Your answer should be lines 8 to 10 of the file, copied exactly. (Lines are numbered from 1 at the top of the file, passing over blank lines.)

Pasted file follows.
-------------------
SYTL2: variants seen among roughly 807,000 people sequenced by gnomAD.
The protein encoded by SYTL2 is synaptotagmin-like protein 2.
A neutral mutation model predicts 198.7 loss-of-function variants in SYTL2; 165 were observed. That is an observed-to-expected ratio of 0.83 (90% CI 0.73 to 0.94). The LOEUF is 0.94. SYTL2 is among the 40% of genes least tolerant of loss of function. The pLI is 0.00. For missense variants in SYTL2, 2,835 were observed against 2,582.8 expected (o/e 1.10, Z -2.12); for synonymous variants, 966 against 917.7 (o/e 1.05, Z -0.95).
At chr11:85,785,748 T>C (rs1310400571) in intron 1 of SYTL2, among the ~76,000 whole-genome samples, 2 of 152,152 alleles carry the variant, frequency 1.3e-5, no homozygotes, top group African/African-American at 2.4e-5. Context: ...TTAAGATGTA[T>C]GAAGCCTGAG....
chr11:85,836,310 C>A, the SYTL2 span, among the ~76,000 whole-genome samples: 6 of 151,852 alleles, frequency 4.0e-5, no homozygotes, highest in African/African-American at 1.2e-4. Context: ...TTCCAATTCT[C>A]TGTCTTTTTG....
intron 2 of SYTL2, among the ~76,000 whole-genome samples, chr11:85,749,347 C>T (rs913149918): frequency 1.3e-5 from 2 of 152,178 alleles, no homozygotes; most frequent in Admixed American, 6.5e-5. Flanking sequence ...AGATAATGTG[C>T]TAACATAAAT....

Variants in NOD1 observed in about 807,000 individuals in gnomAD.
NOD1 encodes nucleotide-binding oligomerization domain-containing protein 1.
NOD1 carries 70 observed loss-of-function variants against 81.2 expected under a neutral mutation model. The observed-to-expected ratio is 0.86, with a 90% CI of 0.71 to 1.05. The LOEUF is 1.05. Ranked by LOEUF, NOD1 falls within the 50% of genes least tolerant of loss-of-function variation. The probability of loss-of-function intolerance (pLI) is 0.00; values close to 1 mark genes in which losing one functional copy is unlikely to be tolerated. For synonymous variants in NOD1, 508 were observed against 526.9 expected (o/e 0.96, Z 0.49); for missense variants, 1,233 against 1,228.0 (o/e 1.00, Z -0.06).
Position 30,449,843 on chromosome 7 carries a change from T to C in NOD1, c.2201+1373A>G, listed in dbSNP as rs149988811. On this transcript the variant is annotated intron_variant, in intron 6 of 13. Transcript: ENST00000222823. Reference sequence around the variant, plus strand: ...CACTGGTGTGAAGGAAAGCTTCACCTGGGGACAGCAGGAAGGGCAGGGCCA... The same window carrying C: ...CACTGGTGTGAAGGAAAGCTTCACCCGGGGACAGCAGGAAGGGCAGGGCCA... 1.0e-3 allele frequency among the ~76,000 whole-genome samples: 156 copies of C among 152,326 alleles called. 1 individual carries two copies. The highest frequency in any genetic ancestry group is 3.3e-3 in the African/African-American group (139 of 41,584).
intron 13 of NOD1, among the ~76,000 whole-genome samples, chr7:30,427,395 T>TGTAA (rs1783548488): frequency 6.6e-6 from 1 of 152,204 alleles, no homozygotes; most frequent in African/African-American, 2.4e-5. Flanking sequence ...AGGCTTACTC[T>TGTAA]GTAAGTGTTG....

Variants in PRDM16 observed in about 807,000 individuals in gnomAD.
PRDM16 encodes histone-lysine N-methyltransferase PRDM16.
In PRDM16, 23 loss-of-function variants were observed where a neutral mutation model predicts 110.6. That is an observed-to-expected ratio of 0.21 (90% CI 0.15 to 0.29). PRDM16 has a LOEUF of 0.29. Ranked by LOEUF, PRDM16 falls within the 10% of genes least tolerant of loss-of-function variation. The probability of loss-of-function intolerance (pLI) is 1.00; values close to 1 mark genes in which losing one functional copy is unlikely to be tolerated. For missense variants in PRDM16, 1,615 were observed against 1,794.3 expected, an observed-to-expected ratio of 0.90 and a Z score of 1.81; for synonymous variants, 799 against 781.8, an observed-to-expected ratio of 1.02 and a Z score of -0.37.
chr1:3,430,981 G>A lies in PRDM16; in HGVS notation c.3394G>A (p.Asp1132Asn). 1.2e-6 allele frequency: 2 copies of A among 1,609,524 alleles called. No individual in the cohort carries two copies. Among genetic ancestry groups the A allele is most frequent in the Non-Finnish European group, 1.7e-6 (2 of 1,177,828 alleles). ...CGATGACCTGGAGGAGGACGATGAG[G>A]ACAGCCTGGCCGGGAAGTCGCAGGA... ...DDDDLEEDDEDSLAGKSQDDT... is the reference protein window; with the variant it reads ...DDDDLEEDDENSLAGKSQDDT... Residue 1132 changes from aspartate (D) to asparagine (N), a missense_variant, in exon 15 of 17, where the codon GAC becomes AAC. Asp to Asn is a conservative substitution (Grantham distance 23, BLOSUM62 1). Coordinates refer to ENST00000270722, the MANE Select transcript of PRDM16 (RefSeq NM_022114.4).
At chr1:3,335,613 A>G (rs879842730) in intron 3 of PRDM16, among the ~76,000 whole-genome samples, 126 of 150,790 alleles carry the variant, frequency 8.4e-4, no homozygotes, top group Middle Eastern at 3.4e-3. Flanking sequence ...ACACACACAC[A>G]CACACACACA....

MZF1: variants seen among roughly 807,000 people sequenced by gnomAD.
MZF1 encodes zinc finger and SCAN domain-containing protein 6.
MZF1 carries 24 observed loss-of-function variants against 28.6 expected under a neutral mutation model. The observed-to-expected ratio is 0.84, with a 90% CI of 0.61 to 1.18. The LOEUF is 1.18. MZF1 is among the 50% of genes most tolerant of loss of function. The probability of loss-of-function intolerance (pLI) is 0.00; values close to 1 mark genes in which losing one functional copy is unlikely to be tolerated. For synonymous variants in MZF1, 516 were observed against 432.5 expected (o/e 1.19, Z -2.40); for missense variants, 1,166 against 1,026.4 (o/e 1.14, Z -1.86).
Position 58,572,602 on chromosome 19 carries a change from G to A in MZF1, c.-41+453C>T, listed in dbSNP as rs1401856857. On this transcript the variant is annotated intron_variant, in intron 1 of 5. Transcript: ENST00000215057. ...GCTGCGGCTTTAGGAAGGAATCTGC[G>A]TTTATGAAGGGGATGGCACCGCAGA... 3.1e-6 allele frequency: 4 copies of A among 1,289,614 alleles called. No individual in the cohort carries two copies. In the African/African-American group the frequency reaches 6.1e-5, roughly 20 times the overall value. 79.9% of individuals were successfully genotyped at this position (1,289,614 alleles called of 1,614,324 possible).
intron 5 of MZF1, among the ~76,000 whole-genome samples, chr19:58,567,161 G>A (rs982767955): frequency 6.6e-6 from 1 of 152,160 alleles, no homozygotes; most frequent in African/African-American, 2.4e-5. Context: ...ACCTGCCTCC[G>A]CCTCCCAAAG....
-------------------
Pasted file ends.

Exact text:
NOD1 encodes nucleotide-binding oligomerization domain-containing protein 1.
NOD1 carries 70 observed loss-of-function variants against 81.2 expected under a neutral mutation model. The observed-to-expected ratio is 0.86, with a 90% CI of 0.71 to 1.05. The LOEUF is 1.05. Ranked by LOEUF, NOD1 falls within the 50% of genes least tolerant of loss-of-function variation. The probability of loss-of-function intolerance (pLI) is 0.00; values close to 1 mark genes in which losing one functional copy is unlikely to be tolerated. For synonymous variants in NOD1, 508 were observed against 526.9 expected (o/e 0.96, Z 0.49); for missense variants, 1,233 against 1,228.0 (o/e 1.00, Z -0.06).
Position 30,449,843 on chromosome 7 carries a change from T to C in NOD1, c.2201+1373A>G, listed in dbSNP as rs149988811. On this transcript the variant is annotated intron_variant, in intron 6 of 13. Transcript: ENST00000222823. Reference sequence around the variant, plus strand: ...CACTGGTGTGAAGGAAAGCTTCACCTGGGGACAGCAGGAAGGGCAGGGCCA... The same window carrying C: ...CACTGGTGTGAAGGAAAGCTTCACCCGGGGACAGCAGGAAGGGCAGGGCCA... 1.0e-3 allele frequency among the ~76,000 whole-genome samples: 156 copies of C among 152,326 alleles called. 1 individual carries two copies. The highest frequency in any genetic ancestry group is 3.3e-3 in the African/African-American group (139 of 41,584).